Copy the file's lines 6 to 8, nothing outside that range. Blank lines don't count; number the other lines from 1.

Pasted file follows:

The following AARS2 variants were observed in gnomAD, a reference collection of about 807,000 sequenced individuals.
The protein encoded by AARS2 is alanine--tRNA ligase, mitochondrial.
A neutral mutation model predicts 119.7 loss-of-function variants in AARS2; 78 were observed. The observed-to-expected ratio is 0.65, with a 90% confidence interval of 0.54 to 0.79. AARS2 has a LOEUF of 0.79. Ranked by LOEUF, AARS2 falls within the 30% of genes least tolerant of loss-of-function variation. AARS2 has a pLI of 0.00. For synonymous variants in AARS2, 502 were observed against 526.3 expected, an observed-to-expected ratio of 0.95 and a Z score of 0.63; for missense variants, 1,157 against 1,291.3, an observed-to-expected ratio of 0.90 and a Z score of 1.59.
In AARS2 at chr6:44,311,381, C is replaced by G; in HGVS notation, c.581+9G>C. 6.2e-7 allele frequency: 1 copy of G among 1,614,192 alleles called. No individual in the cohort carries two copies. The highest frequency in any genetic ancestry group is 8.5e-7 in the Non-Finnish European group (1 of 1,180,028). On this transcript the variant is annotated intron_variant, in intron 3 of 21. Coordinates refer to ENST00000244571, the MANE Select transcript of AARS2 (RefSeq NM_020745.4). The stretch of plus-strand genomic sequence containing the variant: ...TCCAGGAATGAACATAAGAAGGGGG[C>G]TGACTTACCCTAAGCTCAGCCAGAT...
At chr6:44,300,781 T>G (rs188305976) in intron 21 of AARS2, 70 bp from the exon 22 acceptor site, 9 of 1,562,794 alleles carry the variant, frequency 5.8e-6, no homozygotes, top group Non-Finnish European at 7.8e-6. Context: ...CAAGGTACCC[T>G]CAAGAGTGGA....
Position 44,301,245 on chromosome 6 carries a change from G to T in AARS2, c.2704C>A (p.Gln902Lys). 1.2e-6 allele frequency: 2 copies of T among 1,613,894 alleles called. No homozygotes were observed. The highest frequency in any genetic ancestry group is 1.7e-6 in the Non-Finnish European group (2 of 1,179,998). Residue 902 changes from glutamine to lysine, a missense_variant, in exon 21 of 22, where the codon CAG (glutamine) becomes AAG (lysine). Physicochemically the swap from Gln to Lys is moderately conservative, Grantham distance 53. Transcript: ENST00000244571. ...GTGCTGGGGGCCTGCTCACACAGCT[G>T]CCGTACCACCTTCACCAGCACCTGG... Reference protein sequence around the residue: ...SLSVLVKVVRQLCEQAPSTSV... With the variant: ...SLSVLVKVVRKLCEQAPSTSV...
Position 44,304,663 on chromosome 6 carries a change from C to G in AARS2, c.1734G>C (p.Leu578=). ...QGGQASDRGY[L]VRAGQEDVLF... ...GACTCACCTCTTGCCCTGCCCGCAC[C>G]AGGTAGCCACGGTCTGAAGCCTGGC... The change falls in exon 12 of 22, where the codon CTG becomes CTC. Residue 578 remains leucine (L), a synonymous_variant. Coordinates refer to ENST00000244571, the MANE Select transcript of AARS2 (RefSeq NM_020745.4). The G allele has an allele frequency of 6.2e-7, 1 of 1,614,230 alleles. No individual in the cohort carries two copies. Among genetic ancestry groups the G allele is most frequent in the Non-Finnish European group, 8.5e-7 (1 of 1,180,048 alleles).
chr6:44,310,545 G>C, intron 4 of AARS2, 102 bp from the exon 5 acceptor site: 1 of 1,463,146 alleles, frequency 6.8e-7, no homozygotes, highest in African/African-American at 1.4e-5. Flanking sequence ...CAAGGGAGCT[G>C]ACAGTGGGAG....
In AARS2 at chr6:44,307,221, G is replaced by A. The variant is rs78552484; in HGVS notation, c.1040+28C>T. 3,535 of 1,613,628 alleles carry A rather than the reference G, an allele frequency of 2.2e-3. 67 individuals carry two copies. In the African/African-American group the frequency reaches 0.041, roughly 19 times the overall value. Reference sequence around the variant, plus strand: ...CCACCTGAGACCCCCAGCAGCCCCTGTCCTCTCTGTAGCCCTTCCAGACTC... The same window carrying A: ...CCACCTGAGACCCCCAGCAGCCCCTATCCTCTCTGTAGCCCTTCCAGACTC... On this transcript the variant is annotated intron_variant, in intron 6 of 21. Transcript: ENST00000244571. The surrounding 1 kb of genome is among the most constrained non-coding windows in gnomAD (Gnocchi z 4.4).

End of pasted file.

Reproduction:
Position 44,301,245 on chromosome 6 carries a change from G to T in AARS2, c.2704C>A (p.Gln902Lys). 1.2e-6 allele frequency: 2 copies of T among 1,613,894 alleles called. No homozygotes were observed. The highest frequency in any genetic ancestry group is 1.7e-6 in the Non-Finnish European group (2 of 1,179,998). Residue 902 changes from glutamine to lysine, a missense_variant, in exon 21 of 22, where the codon CAG (glutamine) becomes AAG (lysine). Physicochemically the swap from Gln to Lys is moderately conservative, Grantham distance 53. Transcript: ENST00000244571. ...GTGCTGGGGGCCTGCTCACACAGCT[G>T]CCGTACCACCTTCACCAGCACCTGG... Reference protein sequence around the residue: ...SLSVLVKVVRQLCEQAPSTSV... With the variant: ...SLSVLVKVVRKLCEQAPSTSV...
Position 44,304,663 on chromosome 6 carries a change from C to G in AARS2, c.1734G>C (p.Leu578=). ...QGGQASDRGY[L]VRAGQEDVLF... ...GACTCACCTCTTGCCCTGCCCGCAC[C>G]AGGTAGCCACGGTCTGAAGCCTGGC... The change falls in exon 12 of 22, where the codon CTG becomes CTC. Residue 578 remains leucine (L), a synonymous_variant. Coordinates refer to ENST00000244571, the MANE Select transcript of AARS2 (RefSeq NM_020745.4). The G allele has an allele frequency of 6.2e-7, 1 of 1,614,230 alleles. No individual in the cohort carries two copies. Among genetic ancestry groups the G allele is most frequent in the Non-Finnish European group, 8.5e-7 (1 of 1,180,048 alleles).
chr6:44,310,545 G>C, intron 4 of AARS2, 102 bp from the exon 5 acceptor site: 1 of 1,463,146 alleles, frequency 6.8e-7, no homozygotes, highest in African/African-American at 1.4e-5. Flanking sequence ...CAAGGGAGCT[G>C]ACAGTGGGAG....